gms | German Medical Science

10. Kongress für Infektionskrankheiten und Tropenmedizin (KIT 2010)

Deutsche Gesellschaft für Infektiologie,
Deutsche AIDS-Gesellschaft,
Deutsche Gesellschaft für Tropenmedizin und Internationale Gesundheit,
Paul-Ehrlich-Gesellschaft für Chemotherapie

23.06. - 26.06.2010, Köln

Evidence for considerable undertreatment of chronic hepatitis C infection in HIV-HCV coinfected patients

Anzeichen für eine deutliche Unterbehandlung einer chronischen Hepatitis C Infektion bei HIV-HCV koinfizierten Patienten

Meeting Abstract

  • A. Baumgarten - Dupke/Carganico/Baumgarten Gemeinschaftspraxis, Berlin, Germany
  • T. Reiberger - Medical University, Dept. of Internal Medicine III, Div. of Gastroenterology & Hepatology, Vienna, Austria
  • B. A. Payer - Medical University, Dept. of Internal Medicine III, Div. of Gastroenterology & Hepatology, Vienna, Austria
  • A. Rieger - Medical University Vienna, Dept. of Dermatology, Div. of Immunology, Allergy & Infectious Diseases, Vienna, Austria
  • M. Peck-Radosavljvic - Medical University, Dept. of Internal Medicine III, Div. of Gastroenterology & Hepatology, Vienna, Austria
  • L. Weitner - Infektionsmedizinisches Centrum Hamburg (ICH), Hamburg, Germany
  • A. Moll - Praxiszentrum Kaiserdamm Moll/Gölz, Berlin, Germany
  • C. Cordes - Praxis Cityost, Berlin, Germany
  • F. Schlote - Praxis Schlote/Lautenroth-Mai/Schuler, Berlin, Germany
  • H.-A. Horst - Universitätsklinik, Kiel, Germany
  • S. Köppe - Praxis Köppe/Kreckel, Berlin, Germany
  • B. Hintsche - Praxis Hintsche/Klausen, Berlin, Germany
  • C. Mayr - Ärzteforum Seestrasse, Berlin, Germany
  • S. Christensen - CIM, Münster, Germany
  • B. Kuhlmann - Praxis Kuhlmann/Holm/Heiken, Berlin, Germany
  • M. Obermeier - Medical Laboratory Berg, Berlin, Germany

10. Kongress für Infektionskrankheiten und Tropenmedizin (KIT 2010). Köln, 23.-26.06.2010. Düsseldorf: German Medical Science GMS Publishing House; 2010. DocINF 17-5

doi: 10.3205/10kit039, urn:nbn:de:0183-10kit0390

Published: June 2, 2010

© 2010 Baumgarten et al.
This is an Open Access article distributed under the terms of the Creative Commons Attribution License ( You are free: to Share – to copy, distribute and transmit the work, provided the original author and source are credited.



Introduction: Hepatitis C virus (HCV) coinfection represents a significant factor of mortality and morbidity in HIV patients. According to current guidelines, treatment of chronic HCV infection should be considered as priority in HIV-HCV coinfected patients.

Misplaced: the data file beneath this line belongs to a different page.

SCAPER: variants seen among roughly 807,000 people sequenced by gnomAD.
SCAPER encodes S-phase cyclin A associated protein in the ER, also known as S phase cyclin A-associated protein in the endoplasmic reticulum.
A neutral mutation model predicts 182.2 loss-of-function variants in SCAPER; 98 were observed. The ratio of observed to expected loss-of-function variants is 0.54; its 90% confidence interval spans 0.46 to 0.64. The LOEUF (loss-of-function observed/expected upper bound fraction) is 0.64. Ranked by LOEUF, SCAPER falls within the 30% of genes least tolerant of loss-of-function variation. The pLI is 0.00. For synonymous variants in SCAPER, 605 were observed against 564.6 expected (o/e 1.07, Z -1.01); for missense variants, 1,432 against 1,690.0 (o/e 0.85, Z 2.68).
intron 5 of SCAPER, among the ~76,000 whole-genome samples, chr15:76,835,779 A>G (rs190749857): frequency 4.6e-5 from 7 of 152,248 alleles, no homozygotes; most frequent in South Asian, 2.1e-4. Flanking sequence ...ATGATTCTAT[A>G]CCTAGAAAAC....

Methods: This multicenter study includes HIV-HCV coinfected patients diagnosed since 2001 in 14 participating centers in Berlin, Hamburg and Vienna. Demographic data including HCV and HIV parameters were recorded. Factors associated with non-initiation of HCV treatment were identified.

Results: 1,033 HIV-HCV patients were included (m/f: 760/273; age: 43±9years; weight: 71±12kg; CD4+ nadir: 255±189/µL; HCV-RNA: 3.79xE6 IU/mL; HIV-RNA: 65xE3 copies/mL). 877 (85%) patients were german/austrian citizens, while 156 (15%) were foreign nationals/immigrants. HCV-genotypes (GT) were predominantly GT-1 (62%) and GT-3 (24%), followed by GT-4 (9%) and GT-2 (5%). Histological data were available for 146 patients with mean METAVIR fibrosis stage 3 (range: 1-4). 416 patients (40%) received HCV treatment, while 617 patients (60%) remained untreated. Main reasons for deferral of HCV treatment were patient wish (20%), adherence/compliance (19%), active IVDU (14%), comorbidities (9%), psychiatric illnesses (9%), advanced immunodeficiency/AIDS (9%), and others/unknown (22%). Patients starting HCV treatment had significantly lower fibrosis stage (F2 vs. F4, p<0.0001), higher actual CD4+ count (530/µL vs. 430/µL, p<0.0001), lower HIV-RNA levels (18E3 vs. 47E3 copies/mL, p=0.0008) and higher ALT (113 vs 75 IU/mL, p< 0.0001) than patients without initiation of HCV treatment. Age, HCV-GT, HCV levels, hemoglobin levels, platelet count and white blood cell count did not significantly affect decision to initiate HCV treatment. Overall sustained virological response (SVR) rate was 51% (155/305), while patients with GT-1 and GT-3 achieved SVR rates of 38% and 75%, respectively.

Conclusion: This large cohort study provides evidence for considerable undertreatment of chronic HCV infection in HIV patients. Despite acceptable treatment success in this real-life setting, HCV remains untreated in the majority of cases and often due to reason that should not be considered as absolute contraindications to antiviral therapy. Established predictors of treatment response, e.g. HCV-GT or HCV load did not influence treatment decision. Strategies to enhance adherence and medical advice for the HIV-HCV coinfected population are urgently needed.

Baumgartner, Obermeier: both authors contributed equally